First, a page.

Where's the fine line between ignoring and getting angry, lecturing and stronger consequences? If this is 10, what's it going to be like in five years?
Answer: Possibly much better. There are times as all kids grow up when they need to separate themselves from their parents, be it physically, emotionally, politically, whatever. It's part of their essential process of building their own identity. They do this hard work internally at every point in their childhood, but at times it's low-key and other times the internal struggle is so great it sucks the whole family in.
It's quite possible you're in one of those phases now, and it's exacerbated by his being a twin. He might not be willing to rattle his connection to his twin, so he rattles yours all the harder.
You might consider talking to the counselor at your kids' school, just to ask about 10-year-old-appropriate strategies and also about good books on the subject.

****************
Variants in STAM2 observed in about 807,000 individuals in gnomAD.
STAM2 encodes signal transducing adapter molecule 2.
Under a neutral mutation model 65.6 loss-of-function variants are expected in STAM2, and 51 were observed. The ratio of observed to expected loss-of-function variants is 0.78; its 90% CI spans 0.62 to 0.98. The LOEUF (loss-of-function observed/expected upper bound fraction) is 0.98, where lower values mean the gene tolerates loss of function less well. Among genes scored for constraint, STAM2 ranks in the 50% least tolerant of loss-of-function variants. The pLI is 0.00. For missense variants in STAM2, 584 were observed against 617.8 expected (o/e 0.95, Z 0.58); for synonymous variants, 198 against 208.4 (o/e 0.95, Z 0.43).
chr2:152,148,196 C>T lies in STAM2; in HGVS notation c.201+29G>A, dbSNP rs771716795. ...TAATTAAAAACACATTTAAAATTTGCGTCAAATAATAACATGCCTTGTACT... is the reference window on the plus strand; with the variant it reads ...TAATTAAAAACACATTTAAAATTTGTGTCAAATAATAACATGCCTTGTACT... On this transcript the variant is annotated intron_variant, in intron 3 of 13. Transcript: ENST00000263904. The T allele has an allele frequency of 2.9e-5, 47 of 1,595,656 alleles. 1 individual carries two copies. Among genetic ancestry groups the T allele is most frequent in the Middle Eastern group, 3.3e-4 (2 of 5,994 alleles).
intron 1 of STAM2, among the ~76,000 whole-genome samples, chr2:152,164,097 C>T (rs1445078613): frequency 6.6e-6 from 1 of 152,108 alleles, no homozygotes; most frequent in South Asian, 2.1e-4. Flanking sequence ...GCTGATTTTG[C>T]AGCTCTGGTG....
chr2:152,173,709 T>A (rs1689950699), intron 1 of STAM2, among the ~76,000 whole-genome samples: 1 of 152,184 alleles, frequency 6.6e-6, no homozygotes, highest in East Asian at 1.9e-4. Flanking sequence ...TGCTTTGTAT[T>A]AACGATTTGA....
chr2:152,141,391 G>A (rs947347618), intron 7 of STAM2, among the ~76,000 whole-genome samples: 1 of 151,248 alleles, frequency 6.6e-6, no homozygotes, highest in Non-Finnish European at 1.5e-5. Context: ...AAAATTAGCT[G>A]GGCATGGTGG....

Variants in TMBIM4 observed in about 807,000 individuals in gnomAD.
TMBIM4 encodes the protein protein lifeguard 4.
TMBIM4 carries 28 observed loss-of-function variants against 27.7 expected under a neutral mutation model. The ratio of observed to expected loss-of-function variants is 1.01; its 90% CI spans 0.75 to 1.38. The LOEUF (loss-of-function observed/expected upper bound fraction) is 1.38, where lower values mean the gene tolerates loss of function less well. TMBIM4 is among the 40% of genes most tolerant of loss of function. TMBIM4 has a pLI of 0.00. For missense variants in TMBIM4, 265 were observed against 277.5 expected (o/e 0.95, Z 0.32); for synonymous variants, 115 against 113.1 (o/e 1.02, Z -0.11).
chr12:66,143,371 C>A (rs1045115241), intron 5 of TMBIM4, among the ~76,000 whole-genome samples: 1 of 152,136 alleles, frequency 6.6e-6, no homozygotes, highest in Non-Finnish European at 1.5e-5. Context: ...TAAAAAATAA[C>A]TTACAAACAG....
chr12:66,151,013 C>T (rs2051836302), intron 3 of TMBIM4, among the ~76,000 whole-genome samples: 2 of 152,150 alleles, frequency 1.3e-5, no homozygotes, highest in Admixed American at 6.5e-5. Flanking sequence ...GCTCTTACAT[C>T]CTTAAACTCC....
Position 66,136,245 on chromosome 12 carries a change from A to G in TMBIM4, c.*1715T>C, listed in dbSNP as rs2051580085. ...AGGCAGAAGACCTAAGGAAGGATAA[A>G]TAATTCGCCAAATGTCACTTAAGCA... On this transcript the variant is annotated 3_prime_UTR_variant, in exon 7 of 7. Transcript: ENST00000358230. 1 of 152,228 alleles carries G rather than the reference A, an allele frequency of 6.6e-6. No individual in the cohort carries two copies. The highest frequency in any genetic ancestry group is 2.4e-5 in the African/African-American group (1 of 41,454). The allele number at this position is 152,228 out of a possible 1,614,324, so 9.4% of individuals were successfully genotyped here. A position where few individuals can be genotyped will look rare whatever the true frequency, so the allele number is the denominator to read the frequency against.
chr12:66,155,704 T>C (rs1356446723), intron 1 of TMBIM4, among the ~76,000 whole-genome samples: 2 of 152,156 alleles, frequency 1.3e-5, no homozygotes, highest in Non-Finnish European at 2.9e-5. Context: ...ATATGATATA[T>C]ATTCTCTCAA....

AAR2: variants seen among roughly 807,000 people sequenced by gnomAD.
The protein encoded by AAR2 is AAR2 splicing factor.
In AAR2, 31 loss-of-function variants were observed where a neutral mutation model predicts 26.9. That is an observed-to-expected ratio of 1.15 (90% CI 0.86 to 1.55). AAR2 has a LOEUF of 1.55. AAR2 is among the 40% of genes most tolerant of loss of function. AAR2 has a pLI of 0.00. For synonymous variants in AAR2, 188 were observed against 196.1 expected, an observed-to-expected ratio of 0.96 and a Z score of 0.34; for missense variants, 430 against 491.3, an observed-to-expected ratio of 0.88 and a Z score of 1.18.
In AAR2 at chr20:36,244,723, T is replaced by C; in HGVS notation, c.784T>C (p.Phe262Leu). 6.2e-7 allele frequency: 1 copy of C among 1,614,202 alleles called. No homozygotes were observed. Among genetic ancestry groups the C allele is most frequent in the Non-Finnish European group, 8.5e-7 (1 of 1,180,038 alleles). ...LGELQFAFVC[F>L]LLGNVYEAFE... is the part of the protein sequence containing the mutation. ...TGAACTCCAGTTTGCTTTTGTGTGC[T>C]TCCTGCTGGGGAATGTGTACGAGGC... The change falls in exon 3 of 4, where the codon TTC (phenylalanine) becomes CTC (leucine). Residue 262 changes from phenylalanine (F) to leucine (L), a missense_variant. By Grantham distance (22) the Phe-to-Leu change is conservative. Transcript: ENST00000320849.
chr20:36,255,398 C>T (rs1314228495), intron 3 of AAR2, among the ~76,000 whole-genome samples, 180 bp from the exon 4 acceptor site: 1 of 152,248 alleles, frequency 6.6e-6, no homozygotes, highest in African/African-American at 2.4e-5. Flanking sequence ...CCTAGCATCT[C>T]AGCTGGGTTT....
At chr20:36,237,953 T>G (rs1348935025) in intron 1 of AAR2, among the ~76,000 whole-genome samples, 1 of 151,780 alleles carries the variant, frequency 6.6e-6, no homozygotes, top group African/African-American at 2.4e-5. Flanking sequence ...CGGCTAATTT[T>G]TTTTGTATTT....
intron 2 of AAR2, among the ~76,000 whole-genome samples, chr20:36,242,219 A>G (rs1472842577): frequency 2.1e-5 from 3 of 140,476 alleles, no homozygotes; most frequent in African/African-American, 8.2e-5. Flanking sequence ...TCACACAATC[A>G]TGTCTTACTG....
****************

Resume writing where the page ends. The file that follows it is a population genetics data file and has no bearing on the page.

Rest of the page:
If you find yourself losing your stay-calm resolve more or if the situation escalates, ask for referrals to a family therapist whom you can call upon more regularly. It doesn't need to be a long commitment; after getting to know you both, a good problem-solving pro can bring light and ideas in a session or two.
Email Carolyn Hax at firstname.lastname@example.org, or chat with her online at noon Eastern time each Friday at www.washingtonpost.com.